Improving service delivery and levels of integrity
'Accountability through practical norms: Civil service reform in Africa from below' (2016-2017) was part of the Anti-Corruption Evidence Programme funded by the British Academy and the Department for International Development (DFID) (£399,000).
The project explored ways to improve service delivery and levels of integrity by drawing on empirical evidence on practical informal norms in key government departments (health and education) in Sierra Leone, Senegal, Togo, Niger, Tanzania and Malawi.
It is the first comparative, cross-country study employing anthropological and socio-legal methods at a large scale to generate systematic empirical evidence on practical norms covering francophone and Anglophone countries in two regions, West and East Africa.
Practical informal norms at shop-floor level play an important role in regulating bureaucratic practices in settings where there is a wide discrepancy between official rules and lived realities. This might be negative, justifying or facilitating corrupt practices, but it might also be positive, resulting in hubs of integrity.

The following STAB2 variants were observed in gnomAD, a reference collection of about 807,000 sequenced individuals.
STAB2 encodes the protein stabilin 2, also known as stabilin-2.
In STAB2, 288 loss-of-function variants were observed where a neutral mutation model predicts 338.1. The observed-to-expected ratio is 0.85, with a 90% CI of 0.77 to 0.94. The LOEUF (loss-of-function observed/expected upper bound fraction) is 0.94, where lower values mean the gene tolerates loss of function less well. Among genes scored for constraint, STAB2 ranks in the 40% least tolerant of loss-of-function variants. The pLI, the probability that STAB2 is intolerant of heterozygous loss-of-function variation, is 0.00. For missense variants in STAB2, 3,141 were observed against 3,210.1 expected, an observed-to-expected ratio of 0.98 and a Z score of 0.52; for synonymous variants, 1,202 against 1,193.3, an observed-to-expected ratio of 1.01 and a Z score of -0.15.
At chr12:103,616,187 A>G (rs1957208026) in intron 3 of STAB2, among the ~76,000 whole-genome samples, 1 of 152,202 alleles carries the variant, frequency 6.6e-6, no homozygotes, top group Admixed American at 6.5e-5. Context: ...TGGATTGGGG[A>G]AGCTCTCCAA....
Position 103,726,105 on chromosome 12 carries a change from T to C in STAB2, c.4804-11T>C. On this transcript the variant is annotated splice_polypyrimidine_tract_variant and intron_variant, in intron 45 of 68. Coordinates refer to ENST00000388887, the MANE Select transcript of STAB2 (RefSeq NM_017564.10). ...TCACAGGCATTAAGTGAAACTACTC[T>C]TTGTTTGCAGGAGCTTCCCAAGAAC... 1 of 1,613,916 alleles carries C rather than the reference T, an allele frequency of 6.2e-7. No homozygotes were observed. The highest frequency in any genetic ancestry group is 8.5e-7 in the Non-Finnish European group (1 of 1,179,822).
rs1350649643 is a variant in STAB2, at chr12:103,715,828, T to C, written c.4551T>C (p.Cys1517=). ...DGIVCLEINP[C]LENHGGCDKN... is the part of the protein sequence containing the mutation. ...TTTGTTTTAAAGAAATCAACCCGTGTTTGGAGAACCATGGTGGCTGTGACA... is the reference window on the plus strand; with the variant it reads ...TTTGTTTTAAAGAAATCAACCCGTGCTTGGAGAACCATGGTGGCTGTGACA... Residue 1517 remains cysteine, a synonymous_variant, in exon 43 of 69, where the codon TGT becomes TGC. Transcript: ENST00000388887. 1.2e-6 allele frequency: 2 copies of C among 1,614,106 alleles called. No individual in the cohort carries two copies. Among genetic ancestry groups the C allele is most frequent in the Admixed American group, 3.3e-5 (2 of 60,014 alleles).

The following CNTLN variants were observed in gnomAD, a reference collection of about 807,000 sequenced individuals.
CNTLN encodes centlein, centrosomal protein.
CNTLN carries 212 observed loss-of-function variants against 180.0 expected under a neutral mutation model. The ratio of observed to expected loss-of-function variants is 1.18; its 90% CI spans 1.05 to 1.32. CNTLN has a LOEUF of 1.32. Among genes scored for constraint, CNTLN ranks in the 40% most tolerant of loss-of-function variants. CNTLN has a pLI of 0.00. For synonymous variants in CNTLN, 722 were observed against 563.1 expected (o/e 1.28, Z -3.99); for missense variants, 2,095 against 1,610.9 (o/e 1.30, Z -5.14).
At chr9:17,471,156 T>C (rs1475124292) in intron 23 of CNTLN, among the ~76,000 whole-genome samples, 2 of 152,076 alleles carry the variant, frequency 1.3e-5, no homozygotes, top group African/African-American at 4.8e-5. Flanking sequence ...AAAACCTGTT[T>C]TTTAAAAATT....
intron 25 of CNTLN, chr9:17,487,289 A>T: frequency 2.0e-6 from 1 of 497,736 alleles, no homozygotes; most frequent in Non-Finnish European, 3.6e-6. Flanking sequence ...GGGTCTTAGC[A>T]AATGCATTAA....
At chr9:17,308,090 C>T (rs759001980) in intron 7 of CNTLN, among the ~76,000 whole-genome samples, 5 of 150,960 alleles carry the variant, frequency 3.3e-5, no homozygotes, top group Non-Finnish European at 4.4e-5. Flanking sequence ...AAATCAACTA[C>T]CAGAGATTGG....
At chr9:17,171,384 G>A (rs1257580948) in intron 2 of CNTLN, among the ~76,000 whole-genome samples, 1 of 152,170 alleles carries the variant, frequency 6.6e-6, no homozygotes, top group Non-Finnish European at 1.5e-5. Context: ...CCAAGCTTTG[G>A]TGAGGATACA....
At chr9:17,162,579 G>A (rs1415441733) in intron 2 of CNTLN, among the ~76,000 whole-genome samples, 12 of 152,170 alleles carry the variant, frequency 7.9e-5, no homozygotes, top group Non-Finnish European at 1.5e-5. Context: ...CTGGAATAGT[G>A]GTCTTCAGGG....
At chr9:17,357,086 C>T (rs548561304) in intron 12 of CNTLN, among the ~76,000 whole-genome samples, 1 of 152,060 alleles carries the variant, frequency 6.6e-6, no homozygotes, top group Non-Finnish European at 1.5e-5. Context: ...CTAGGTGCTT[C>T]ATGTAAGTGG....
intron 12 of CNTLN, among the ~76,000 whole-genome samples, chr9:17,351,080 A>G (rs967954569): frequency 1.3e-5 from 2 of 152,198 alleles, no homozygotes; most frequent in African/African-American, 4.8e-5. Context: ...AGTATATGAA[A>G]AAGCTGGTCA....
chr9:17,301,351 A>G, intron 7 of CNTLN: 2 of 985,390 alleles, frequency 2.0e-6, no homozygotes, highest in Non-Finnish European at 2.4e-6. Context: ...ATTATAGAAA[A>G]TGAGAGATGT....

An anthropological approach
Drawing on an anthropological approach the project contributed to a shift in focus from naming and shaming to the development of a more positive approach emphasising integrity and public service delivery.
For example, the parliamentary committees on health and public service reform at Malawi’s National Assembly and the Governments of Malawi and Niger have drawn on the research findings.
- Gerhard Anders (principal investigator)
- Giorgio Blundo (EHESS, IRD) (co-investigator)
- Jean-Pierre Olivier de Sardan (EHESS, LASDEL) (co-investigator)
Project research reports:
Jean-Pierre Olivier de Sardan, Mahman Tahirou Ali Bako and Abdoutan Harouna. The importance of practical norms in government health and education services in Niger. (2018). (Word document)